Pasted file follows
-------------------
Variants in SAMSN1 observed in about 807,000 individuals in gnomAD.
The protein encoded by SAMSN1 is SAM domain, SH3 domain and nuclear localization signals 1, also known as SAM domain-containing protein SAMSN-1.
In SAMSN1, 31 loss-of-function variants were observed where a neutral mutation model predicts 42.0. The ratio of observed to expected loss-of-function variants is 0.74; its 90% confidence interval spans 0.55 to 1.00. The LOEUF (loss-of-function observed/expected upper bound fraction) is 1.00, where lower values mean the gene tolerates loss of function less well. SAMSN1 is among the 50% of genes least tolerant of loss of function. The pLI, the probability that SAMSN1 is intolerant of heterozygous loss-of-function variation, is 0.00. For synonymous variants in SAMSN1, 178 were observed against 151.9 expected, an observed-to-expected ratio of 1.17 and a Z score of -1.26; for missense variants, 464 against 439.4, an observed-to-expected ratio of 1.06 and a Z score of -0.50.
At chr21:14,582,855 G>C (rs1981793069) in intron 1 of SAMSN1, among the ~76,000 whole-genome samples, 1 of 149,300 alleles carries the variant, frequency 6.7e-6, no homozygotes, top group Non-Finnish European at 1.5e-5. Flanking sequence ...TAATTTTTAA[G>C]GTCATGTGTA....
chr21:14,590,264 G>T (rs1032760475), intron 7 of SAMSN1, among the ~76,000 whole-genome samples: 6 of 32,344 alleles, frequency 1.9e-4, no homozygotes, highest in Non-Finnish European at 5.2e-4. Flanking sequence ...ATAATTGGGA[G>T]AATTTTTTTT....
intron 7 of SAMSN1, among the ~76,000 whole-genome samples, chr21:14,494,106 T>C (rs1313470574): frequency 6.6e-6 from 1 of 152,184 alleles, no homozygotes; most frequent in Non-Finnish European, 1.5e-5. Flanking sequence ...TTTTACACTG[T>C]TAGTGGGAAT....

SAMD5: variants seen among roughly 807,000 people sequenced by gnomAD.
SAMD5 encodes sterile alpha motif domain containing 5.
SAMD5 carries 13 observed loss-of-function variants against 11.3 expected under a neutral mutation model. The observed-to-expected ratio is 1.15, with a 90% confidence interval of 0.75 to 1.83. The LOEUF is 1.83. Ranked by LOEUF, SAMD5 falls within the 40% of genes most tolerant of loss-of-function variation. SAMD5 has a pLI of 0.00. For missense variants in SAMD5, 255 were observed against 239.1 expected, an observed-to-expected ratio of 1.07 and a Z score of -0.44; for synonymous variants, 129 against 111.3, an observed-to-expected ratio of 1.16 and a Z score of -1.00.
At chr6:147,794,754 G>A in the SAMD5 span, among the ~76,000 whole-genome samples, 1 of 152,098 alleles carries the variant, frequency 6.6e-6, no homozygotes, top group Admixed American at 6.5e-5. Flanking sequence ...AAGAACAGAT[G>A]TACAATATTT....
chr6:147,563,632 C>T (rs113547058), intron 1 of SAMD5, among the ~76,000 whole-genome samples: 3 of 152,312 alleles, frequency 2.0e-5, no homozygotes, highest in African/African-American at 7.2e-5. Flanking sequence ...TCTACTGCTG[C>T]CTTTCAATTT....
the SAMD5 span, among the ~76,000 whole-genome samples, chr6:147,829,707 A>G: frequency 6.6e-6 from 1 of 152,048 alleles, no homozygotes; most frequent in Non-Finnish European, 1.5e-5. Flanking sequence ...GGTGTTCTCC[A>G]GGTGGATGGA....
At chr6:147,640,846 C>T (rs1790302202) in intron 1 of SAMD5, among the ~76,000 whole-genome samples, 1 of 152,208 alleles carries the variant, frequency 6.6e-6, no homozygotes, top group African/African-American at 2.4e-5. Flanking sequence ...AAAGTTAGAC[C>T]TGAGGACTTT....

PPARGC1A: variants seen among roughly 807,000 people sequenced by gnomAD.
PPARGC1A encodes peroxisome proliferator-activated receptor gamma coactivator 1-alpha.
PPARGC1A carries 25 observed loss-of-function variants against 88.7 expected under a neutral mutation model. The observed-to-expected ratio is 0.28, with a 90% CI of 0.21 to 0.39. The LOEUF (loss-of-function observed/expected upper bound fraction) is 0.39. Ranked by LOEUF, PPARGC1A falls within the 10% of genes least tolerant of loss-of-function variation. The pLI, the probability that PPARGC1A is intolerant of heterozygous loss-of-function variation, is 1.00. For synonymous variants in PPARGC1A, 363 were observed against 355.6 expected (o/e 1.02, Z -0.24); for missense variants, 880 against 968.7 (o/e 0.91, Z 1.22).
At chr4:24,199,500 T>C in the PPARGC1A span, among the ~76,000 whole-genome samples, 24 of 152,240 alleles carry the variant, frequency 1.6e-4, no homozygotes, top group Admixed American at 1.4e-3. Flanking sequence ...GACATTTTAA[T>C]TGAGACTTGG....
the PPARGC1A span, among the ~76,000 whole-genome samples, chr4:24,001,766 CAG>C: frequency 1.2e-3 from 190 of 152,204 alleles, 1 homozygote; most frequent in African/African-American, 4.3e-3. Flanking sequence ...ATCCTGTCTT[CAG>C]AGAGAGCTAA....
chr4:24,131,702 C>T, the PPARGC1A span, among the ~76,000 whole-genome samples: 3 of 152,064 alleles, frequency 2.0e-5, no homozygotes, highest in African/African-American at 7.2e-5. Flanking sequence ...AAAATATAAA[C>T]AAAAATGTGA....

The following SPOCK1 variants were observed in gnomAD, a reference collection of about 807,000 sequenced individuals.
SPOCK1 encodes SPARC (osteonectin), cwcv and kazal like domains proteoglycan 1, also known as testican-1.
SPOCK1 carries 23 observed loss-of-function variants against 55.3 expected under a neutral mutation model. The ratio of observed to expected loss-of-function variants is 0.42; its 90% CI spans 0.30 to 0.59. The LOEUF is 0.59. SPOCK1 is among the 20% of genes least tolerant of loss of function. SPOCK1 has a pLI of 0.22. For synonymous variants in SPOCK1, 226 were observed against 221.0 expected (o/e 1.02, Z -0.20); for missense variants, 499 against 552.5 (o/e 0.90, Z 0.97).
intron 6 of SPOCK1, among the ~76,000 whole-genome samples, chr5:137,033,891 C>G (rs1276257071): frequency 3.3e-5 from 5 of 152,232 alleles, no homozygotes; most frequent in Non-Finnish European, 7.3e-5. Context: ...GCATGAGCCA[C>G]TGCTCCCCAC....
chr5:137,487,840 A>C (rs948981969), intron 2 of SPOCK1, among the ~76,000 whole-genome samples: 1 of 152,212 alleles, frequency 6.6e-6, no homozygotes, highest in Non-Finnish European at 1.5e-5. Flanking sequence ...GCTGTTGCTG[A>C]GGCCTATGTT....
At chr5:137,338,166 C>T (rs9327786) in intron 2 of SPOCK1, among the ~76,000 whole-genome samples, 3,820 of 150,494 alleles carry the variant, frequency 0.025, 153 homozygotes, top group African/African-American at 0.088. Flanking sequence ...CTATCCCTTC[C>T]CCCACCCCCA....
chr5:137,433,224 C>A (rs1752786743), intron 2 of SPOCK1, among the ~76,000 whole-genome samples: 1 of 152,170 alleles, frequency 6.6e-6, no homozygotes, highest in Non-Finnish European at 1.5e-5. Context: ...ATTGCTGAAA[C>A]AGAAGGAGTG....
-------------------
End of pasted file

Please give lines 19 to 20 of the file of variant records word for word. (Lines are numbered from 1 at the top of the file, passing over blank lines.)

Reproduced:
chr4:24,131,702 C>T, the PPARGC1A span, among the ~76,000 whole-genome samples: 3 of 152,064 alleles, frequency 2.0e-5, no homozygotes, highest in African/African-American at 7.2e-5. Flanking sequence ...AAAATATAAA[C>T]AAAAATGTGA....

The following SPOCK1 variants were observed in gnomAD, a reference collection of about 807,000 sequenced individuals.